This indicator estimates the exceedances of wave-height thresholds for each year from 2008 to 2015 in coastal areas.
Significant wave height is a measure of the ‘typical’ wave height in a place over a time period. It is four times the standard deviation of the water surface if, for example, you were to measure water moving up and down a jetty piling for an hour. The largest individual wave will typically have a height around twice the significant wave height.
We use three wave-height thresholds because of the regional variation in extreme wave events. In general, the north experiences less exposure to consistently strong winds, and the waves generated by them, than the south. Four-metre tall waves are considered extreme in the northern-most parts of New Zealand but are more common in the south. For the southern-most parts of New Zealand, eight-metre waves better represent extreme wave events.

Table ID 53476
Data type Table
Row count 54
Services Web Feature Service (WFS), Catalog Service (CS-W), data.govt.nz Atom Feed

Seabird fishing-related mortality by conservation status (2006/7 to 2012/13)

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Creative Commons Attribution 3.0 New Zealand

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2045
6
Added
21 Oct 2016

This dataset was first added to MfE Data Service on 21 Oct 2016.

Along with sea lions, fur seals, and dolphins, seabirds are the protected species most directly affected by fisheries in New Zealand waters (exclusive economic zone and territorial sea). Estimating seabird deaths from bycatch in commercial fishing is one way of assessing the pressure some seabird species face from current fishing practices. About one-third of our 92 resident seabird species and subspecies are considered to be threatened with extinction.
The fishing-related mortality category is derived from a semi-quantitative risk assessment conducted by Richard and Abraham (2015). We are using the threat rating assigned by Richard and Abraham (2015) for Our Marine Environment 2016. The Environment Aotearoa 2015 report used the Ministry for Primary Industries (MPI) risk rating. This results in a change to risk rating for one threatened species, which has a medium rating in the report but a high rating from MPI. This species is the Stewart Island shag, Leucocarbo chalconotus.

Table ID 53506
Data type Table
Row count 113
Services Web Feature Service (WFS), Catalog Service (CS-W), data.govt.nz Atom Feed

Changes in the conservation status of indigenous marine species

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2009
14
Added
14 Oct 2016

This dataset was first added to MfE Data Service on 14 Oct 2016.

Marine mammals, seabirds, and shorebirds are indicator species for the state of our marine environment. A decreasing population can indicate that the ecosystem is degrading. New Zealand has a diverse range of marine species, many of which are endemic to (only breed in) New Zealand. They are apex species (near the top of the food chain) and can thrive only if their ecosystems are healthy.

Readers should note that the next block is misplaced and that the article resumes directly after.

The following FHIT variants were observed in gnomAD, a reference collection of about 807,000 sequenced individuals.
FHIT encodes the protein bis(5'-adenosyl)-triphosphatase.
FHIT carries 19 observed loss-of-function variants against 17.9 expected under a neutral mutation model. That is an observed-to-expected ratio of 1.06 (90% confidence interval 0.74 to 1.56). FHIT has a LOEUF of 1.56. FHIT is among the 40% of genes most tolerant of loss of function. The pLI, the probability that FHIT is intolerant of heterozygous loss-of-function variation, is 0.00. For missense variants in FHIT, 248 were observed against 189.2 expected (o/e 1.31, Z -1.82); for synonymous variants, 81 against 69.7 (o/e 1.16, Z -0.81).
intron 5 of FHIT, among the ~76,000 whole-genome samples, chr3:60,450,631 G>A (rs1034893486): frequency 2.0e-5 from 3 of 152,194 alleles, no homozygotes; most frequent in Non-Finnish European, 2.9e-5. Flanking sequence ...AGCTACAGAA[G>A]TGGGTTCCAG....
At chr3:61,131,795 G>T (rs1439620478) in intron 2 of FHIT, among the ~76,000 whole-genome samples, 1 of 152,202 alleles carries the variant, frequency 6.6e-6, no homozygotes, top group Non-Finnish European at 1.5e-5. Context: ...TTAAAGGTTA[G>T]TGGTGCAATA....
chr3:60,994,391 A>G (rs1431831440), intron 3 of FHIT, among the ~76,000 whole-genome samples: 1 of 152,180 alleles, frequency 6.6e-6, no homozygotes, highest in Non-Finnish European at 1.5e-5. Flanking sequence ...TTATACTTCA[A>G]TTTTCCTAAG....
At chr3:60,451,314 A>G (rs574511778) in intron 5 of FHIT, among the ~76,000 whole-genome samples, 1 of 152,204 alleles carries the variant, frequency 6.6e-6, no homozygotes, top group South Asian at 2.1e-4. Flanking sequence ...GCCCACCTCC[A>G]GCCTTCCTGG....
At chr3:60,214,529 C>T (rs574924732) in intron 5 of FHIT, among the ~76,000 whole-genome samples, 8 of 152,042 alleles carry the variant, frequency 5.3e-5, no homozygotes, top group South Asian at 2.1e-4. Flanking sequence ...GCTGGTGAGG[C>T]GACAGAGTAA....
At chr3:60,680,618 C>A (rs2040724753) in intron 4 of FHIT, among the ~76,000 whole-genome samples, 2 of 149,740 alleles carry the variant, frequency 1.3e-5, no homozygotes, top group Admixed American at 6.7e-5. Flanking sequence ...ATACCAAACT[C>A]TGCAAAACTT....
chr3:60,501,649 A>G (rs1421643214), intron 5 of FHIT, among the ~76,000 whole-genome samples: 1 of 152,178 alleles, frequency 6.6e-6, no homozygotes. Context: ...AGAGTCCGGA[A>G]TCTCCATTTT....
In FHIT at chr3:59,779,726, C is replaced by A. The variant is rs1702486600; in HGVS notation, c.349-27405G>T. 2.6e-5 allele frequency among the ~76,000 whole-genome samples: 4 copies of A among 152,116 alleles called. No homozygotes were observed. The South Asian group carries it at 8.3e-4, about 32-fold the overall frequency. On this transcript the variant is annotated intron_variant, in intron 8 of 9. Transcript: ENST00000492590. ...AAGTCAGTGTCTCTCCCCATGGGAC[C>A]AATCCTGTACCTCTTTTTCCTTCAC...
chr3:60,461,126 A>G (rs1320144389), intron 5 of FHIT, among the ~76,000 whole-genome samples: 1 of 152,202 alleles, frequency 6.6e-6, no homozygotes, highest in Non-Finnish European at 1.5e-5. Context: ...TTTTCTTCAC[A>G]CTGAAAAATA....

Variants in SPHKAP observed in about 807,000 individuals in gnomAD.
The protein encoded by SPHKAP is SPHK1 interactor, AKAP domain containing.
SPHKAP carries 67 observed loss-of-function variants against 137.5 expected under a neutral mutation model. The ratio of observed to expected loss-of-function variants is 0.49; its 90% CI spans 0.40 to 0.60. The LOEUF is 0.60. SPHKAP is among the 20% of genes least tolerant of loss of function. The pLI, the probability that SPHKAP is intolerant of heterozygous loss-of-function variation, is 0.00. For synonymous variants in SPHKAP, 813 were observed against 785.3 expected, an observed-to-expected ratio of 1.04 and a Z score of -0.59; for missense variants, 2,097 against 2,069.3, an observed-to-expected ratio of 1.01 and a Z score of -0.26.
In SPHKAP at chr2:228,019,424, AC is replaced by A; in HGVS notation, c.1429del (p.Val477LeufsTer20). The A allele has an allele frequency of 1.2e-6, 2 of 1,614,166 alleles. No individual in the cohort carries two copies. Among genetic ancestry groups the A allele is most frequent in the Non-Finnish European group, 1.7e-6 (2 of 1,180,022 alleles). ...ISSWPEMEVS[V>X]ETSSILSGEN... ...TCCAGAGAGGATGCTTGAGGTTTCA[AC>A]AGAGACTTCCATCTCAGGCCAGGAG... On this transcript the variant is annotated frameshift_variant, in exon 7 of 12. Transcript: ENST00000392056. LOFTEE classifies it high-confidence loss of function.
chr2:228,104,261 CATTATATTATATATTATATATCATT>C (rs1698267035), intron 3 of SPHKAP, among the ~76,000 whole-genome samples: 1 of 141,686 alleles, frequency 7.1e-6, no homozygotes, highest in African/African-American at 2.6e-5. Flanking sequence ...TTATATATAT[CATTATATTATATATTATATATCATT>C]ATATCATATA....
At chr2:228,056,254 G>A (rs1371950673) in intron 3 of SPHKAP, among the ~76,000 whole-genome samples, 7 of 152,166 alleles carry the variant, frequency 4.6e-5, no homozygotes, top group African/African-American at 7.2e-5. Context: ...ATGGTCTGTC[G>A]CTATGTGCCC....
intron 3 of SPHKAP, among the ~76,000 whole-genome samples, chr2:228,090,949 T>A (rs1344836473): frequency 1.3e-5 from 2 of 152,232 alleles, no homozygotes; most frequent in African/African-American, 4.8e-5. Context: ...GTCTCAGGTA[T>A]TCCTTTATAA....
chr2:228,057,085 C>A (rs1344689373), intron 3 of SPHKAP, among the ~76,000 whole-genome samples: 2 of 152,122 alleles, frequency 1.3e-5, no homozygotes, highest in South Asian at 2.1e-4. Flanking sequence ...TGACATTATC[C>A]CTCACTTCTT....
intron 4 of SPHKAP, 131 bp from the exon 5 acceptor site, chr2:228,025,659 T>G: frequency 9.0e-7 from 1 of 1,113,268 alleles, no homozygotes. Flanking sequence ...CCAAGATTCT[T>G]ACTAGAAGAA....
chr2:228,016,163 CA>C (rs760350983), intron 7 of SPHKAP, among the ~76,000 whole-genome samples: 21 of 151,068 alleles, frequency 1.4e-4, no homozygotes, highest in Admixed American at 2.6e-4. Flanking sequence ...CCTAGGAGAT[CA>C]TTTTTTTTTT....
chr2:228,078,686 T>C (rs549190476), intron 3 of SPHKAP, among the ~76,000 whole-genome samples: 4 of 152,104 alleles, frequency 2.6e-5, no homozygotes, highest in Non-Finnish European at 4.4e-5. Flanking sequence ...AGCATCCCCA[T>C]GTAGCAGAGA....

This measure reports on the number of indigenous marine species that have had a genuine change in conservation status between two monitoring periods (2008–11 and 2012–14). A change in a species’ conservation status reflects a change in its risk of extinction.

Table ID 53466
Data type Table
Row count 10
Services Web Feature Service (WFS), Catalog Service (CS-W), data.govt.nz Atom Feed

Estimated fur seal captures in trawl and longline fisheries by fishery type (2003–13)

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Creative Commons Attribution 3.0 New Zealand

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1949
13
Added
28 Sep 2015

This dataset was first added to MfE Data Service on 28 Sep 2015.

Sea lions and fur seals are the protected species most directly affected by fisheries in New Zealand waters, along with seabirds and dolphins. Estimating the bycatch of sea lions and fur seals indicates the pressures they face from current fishing practices.
The New Zealand fur seal Arctocephalus forsteri is classified as not threatened. Its population appears to be increasing and extending back into its historical range (where they were commonly found) (Baker et al, 2010).
The Fisheries Act 1996 designates this species as protected and requires mitigation measures to reduce bycatch (Ministry for Primary Industries, 2014).
This dataset relates to the "Bycatch of protected species: sea lion and fur seal" measure on the Environmental Indicators, Te taiao Aotearoa website.

Table ID 52497
Data type Table
Row count 44
Services Web Feature Service (WFS), Catalog Service (CS-W), data.govt.nz Atom Feed

Cumulative occupancy of key non-indigenous species by species (2009–2015)

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Creative Commons Attribution 3.0 New Zealand

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1961
13
Added
19 Oct 2016

This dataset was first added to MfE Data Service on 19 Oct 2016.

Marine non-indigenous (exotic) species arrive in New Zealand waters on the hulls of international vessels (biofouling) or in discharged ballast waters. Some have little impact or cannot survive in New Zealand waters; others have a negative impact on our native habitats and species and become pests. They can compete with, and prey on, indigenous species, modify natural habitats, affect marine industries or can alter ecosystem processes. The potential impact of non-indigenous species on our native habitats and species means they could threaten our cultural and natural heritage, as well as economic activities such as commercial and recreational fishing, shellfish harvesting, and aquaculture.

Table ID 53492
Data type Table
Row count 56
Services Web Feature Service (WFS), Catalog Service (CS-W), data.govt.nz Atom Feed